I've talked to a few faculty about this in advance, and frankly it can only be seen as a negative if you use a PowerPoint. A big part of interviews is seeing how you do communicating your research in a little more casual, less scripted setting. Your PowerPoint could be seen as a crutch. Faculty want to talk with you not listen to you present.
    I know others have done it, even in person, and it's worked out for them. But, I wouldn't count on using it. 
    in short, no lol
  13. Upvote
    canigetuhhhhhhhanswerpls got a reaction from lowestprime in 2021 Neuroscience PhD Applicants and Admissions Results   
    I've talked to a few faculty about this in advance, and frankly it can only be seen as a negative if you use a PowerPoint. A big part of interviews is seeing how you do communicating your research in a little more casual, less scripted setting. Your PowerPoint could be seen as a crutch. Faculty want to talk with you not listen to you present.
    I know others have done it, even in person, and it's worked out for them. But, I wouldn't count on using it. 
    in short, no lol
  14. Like
    canigetuhhhhhhhanswerpls got a reaction from comp_neuro in 2021 Neuroscience PhD Applicants and Admissions Results   
    Hi - I've been on two so far. Around 60% of the time, the school will be trying to recruit you by showing presentations about the school, giving faculty talks, hosting socials and conversations with current graduate students.
    You'll like have 5ish actual interviews which are 30-45 minutes long. Honestly, they can really range in format. Some faculty will ask for a 3-5 minute recap of your research, some will ask you to describe one of your projects in depth (usually of your choosing). Sometimes, professors will ask tons of questions, not necessarily as a "gotcha," but mostly just to see how you're thinking about your research. Then your interviewer will likely talk about their research (which they love to do, so show enthusiasm!) and offer to answer any questions you have about the program or anything.
    Mine have really ranged; I've talked for 20 minutes straight at some and at others we only talked about why we love to do research and what I hope to do in grad school. So, be prepared to talk about your research, but don't be surprised if you don't at all! Hopefully, your faculty are very friendly and interviews will feel like a fun conversation about science.
    To be honest, it's kind of difficult to feel out the vibe of the school virtually so I'm really paying attention to subtleties in how the current students talk about their experiences. Hopefully, you're meeting with faculty who have labs you'd be interested in joining, because this is a great time to feel out if you would enjoy their lab. You should choose a grad school that has options for you, so if you find out you're not really vibin with some faculty that were once interested in, take note.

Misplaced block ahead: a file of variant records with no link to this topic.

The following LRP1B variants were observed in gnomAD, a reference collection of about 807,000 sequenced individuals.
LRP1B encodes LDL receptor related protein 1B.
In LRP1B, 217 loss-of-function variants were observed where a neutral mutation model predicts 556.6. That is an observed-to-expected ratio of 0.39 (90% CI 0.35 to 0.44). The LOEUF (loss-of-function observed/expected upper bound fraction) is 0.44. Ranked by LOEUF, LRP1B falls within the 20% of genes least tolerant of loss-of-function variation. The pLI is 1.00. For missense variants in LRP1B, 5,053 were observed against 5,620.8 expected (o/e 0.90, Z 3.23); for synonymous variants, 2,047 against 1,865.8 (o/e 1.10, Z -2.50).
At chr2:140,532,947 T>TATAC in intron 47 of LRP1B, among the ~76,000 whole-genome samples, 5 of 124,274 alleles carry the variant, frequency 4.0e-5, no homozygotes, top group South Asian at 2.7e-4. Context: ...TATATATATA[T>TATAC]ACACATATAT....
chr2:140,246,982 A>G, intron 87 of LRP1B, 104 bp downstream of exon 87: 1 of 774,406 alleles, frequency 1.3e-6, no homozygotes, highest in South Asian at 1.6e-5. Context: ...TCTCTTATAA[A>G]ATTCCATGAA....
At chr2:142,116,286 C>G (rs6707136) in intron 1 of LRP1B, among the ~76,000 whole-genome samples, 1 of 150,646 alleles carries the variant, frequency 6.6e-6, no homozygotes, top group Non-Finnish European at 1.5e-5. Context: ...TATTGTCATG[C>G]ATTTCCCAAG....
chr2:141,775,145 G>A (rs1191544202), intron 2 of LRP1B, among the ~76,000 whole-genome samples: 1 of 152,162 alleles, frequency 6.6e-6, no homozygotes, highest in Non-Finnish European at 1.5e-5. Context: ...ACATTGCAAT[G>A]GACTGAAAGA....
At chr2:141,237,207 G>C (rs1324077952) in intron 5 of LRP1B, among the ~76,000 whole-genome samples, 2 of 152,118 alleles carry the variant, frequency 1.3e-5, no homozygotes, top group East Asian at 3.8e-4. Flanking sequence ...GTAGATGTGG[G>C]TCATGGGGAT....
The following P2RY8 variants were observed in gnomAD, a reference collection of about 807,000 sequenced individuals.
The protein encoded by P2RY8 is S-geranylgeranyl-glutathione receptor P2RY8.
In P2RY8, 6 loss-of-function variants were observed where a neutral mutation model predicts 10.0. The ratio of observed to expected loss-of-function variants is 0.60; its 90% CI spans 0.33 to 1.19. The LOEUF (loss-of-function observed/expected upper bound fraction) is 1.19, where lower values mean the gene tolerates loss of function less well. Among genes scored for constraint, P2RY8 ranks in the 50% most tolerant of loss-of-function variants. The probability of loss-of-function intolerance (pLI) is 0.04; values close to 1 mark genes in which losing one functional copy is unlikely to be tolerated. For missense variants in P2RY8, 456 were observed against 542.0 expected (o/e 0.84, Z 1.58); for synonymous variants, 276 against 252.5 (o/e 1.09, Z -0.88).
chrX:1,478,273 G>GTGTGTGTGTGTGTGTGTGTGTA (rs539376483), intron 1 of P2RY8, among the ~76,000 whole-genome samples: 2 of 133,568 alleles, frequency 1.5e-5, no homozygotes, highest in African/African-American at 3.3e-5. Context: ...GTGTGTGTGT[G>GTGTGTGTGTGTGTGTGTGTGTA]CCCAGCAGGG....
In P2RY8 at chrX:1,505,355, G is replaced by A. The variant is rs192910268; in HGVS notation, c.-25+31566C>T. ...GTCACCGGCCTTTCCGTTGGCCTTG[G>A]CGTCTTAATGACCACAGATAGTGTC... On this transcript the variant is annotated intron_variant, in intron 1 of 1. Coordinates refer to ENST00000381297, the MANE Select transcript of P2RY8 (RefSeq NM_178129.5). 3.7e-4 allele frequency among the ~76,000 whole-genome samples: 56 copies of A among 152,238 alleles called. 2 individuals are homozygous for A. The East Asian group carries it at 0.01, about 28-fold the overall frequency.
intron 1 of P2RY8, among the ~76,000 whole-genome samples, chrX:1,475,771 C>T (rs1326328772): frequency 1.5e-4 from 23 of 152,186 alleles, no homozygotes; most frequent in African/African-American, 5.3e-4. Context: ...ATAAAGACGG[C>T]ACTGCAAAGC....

Finally, if there's anyone you didn't get to talk to during the actual interview dates, the program will absolutely coordinate a meeting for you. 
    Feel free to reach out to me if you wanna talk about anything more specific, I'm happy to do so.
  15. Like
    canigetuhhhhhhhanswerpls got a reaction from 4sdch in 2021 Neuroscience PhD Applicants and Admissions Results   
    Hi - I've been on two so far. Around 60% of the time, the school will be trying to recruit you by showing presentations about the school, giving faculty talks, hosting socials and conversations with current graduate students.
    You'll like have 5ish actual interviews which are 30-45 minutes long. Honestly, they can really range in format. Some faculty will ask for a 3-5 minute recap of your research, some will ask you to describe one of your projects in depth (usually of your choosing). Sometimes, professors will ask tons of questions, not necessarily as a "gotcha," but mostly just to see how you're thinking about your research. Then your interviewer will likely talk about their research (which they love to do, so show enthusiasm!) and offer to answer any questions you have about the program or anything.
    Mine have really ranged; I've talked for 20 minutes straight at some and at others we only talked about why we love to do research and what I hope to do in grad school. So, be prepared to talk about your research, but don't be surprised if you don't at all! Hopefully, your faculty are very friendly and interviews will feel like a fun conversation about science.
    To be honest, it's kind of difficult to feel out the vibe of the school virtually so I'm really paying attention to subtleties in how the current students talk about their experiences. Hopefully, you're meeting with faculty who have labs you'd be interested in joining, because this is a great time to feel out if you would enjoy their lab. You should choose a grad school that has options for you, so if you find out you're not really vibin with some faculty that were once interested in, take note. 
    Finally, if there's anyone you didn't get to talk to during the actual interview dates, the program will absolutely coordinate a meeting for you. 
    Feel free to reach out to me if you wanna talk about anything more specific, I'm happy to do so.
  16. Upvote
    canigetuhhhhhhhanswerpls got a reaction from NeuroPhDInd in 2021 Neuroscience PhD Applicants and Admissions Results   
    Hi - I've been on two so far. Around 60% of the time, the school will be trying to recruit you by showing presentations about the school, giving faculty talks, hosting socials and conversations with current graduate students.